Crop Science Ambassador
Why did you choose your major?
Growing up, I always felt I had a connection to being outdoors and when I got to high school, I started getting into science fair projects involving plant sciences. I remember one of the projects I did involved soybeans and I was just ecstatic for learning about their interactions with pathogens. This interest in now agronomy encouraged me to look more into that fields and participate in a statewide youth competition for soybean science research and ultimately into majoring in Crop Sciences here at the university
What are you hoping to do with it?
The short answer is to help farmers feed the world (ha ha). On a much broader stance, I want to work in plant pathology helping farmers to overcome crop yield loss form pathogens by coming up with new genetic lines that are resistant to diseases and mixing in pest management strategies. It would be great to do this at the university level, but I’ll be more than grateful with anything that comes my way that in turn makes me happy in the end.
How do you stay involved with your department?
I go to departmental club meetings, work in a plant pathology laboratory, go to seminars and spend time going to office hours. I’d like to say I do those things on a consistent basis, but the truth of the matter is that in college you’re going to find your time dissipating more and more. So, I try to integrate all of those activities on a varying week to week basis, but nothing beats getting involved more than getting to know your professors.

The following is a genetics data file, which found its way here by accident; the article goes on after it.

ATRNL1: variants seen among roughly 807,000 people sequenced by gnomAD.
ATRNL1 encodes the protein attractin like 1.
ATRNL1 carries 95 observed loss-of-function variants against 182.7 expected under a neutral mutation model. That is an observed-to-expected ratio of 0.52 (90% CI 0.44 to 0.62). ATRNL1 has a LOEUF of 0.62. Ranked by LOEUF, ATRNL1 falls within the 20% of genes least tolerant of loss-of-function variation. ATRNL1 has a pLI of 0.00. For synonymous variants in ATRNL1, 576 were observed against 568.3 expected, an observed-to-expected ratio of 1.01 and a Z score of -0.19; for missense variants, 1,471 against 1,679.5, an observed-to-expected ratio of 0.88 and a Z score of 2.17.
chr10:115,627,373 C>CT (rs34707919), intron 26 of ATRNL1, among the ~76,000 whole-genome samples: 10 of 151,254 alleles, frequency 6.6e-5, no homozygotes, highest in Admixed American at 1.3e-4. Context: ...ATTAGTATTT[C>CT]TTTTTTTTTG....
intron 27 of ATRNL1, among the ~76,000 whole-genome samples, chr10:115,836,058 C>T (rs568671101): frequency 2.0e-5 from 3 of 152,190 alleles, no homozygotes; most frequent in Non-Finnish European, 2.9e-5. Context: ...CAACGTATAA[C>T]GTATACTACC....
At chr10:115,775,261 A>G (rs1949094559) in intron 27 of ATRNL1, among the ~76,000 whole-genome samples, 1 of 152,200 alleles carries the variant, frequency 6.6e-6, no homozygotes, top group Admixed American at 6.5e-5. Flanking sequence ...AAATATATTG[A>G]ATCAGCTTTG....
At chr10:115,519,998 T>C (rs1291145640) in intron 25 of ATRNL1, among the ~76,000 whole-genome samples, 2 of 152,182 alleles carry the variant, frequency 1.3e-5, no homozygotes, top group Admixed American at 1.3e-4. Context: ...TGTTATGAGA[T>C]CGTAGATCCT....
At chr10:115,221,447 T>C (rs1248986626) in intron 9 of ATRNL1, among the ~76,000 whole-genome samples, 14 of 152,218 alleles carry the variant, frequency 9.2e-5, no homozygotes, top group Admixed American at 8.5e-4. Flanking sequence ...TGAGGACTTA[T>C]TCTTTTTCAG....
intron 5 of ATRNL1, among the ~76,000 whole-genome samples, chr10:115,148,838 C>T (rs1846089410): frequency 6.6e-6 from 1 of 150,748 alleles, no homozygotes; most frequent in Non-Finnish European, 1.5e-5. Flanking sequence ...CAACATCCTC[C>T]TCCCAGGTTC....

What is your favorite class and/or professor?
I actually have two. My favorite class hands down thus far, is entomology under Dr. A. Downing. In the CSES Department it would have to be Principles of Weed Control. As academically engaging the latter is, it really showed me how broad and encompassing a major like crop sciences is and Dr. Norwsworthy is an amazing professor whose personal stories in the field add a great deal to the class.
How are you an engaged U of A student outside of the classroom?
Outside of the classroom, I stay involved in as many things that interest me as I can. I’m a violist in the University Symphony Orchestra and various chamber music groups. I teach violin and viola for the community music school and help plan and participate in a variety of community events with my fraternity.
What is your favorite thing about Bumpers College?
My favorite thing about this department is the classes. Every class in this department I’ve had has been extremely engaging with guest lectures, farm visits, and talented and skilled professors. I think that’s one of the unique things about agriculture in general is that everything about this field (no pun intended) is hands-on and community-engaging.
Why did you want to be an ambassador?
This is going to be a hard one. I felt that there was so much I could add to my major, my department, and even my college that, for too long, I’d been too timid to touch on. In the broader sense, I do want to help people, but more so I want to help others find their place and feel welcome and wanted in the department and college.
What is your advice for an incoming freshman?
College, especially during this time, is going to be a lot. There are going to be a lot of changes and fast paced movements, but remember that every morning, when you look in the mirror, that the person looking back will always be the same. Adapt to new schedules, friends, and especially study habits, but don’t change what makes you unique and stand out amongst you peers.
Pine Bluff, AR
Crop Science Major
Pest Management Minor
Crop, Soil and Environmental Sciences